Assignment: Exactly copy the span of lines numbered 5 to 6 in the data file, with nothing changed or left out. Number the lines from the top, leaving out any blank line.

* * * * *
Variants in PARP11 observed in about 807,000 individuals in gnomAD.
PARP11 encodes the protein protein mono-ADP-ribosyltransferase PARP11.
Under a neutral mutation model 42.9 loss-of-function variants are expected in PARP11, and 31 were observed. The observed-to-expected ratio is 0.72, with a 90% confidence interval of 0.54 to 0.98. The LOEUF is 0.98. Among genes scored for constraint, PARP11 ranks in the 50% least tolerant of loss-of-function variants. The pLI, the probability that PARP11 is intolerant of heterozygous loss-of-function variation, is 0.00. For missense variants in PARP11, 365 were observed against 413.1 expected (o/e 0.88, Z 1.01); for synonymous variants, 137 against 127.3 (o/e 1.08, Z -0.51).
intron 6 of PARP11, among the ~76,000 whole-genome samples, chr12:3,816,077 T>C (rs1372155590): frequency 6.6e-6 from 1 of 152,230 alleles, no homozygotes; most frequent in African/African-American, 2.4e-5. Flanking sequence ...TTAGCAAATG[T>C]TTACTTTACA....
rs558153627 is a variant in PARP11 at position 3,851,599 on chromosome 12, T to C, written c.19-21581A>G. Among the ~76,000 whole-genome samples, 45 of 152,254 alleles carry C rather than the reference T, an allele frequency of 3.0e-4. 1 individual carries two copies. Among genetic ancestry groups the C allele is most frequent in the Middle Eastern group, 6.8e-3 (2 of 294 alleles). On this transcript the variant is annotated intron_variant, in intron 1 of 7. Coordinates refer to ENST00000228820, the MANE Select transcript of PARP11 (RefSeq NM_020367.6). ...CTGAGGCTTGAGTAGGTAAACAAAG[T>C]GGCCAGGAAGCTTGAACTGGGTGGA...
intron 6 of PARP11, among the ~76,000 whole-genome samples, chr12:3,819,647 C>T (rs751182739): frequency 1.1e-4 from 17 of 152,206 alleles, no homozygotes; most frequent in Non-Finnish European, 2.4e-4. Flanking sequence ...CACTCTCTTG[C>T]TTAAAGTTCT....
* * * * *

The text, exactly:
rs558153627 is a variant in PARP11 at position 3,851,599 on chromosome 12, T to C, written c.19-21581A>G. Among the ~76,000 whole-genome samples, 45 of 152,254 alleles carry C rather than the reference T, an allele frequency of 3.0e-4. 1 individual carries two copies. Among genetic ancestry groups the C allele is most frequent in the Middle Eastern group, 6.8e-3 (2 of 294 alleles). On this transcript the variant is annotated intron_variant, in intron 1 of 7. Coordinates refer to ENST00000228820, the MANE Select transcript of PARP11 (RefSeq NM_020367.6). ...CTGAGGCTTGAGTAGGTAAACAAAG[T>C]GGCCAGGAAGCTTGAACTGGGTGGA...
intron 6 of PARP11, among the ~76,000 whole-genome samples, chr12:3,819,647 C>T (rs751182739): frequency 1.1e-4 from 17 of 152,206 alleles, no homozygotes; most frequent in Non-Finnish European, 2.4e-4. Flanking sequence ...CACTCTCTTG[C>T]TTAAAGTTCT....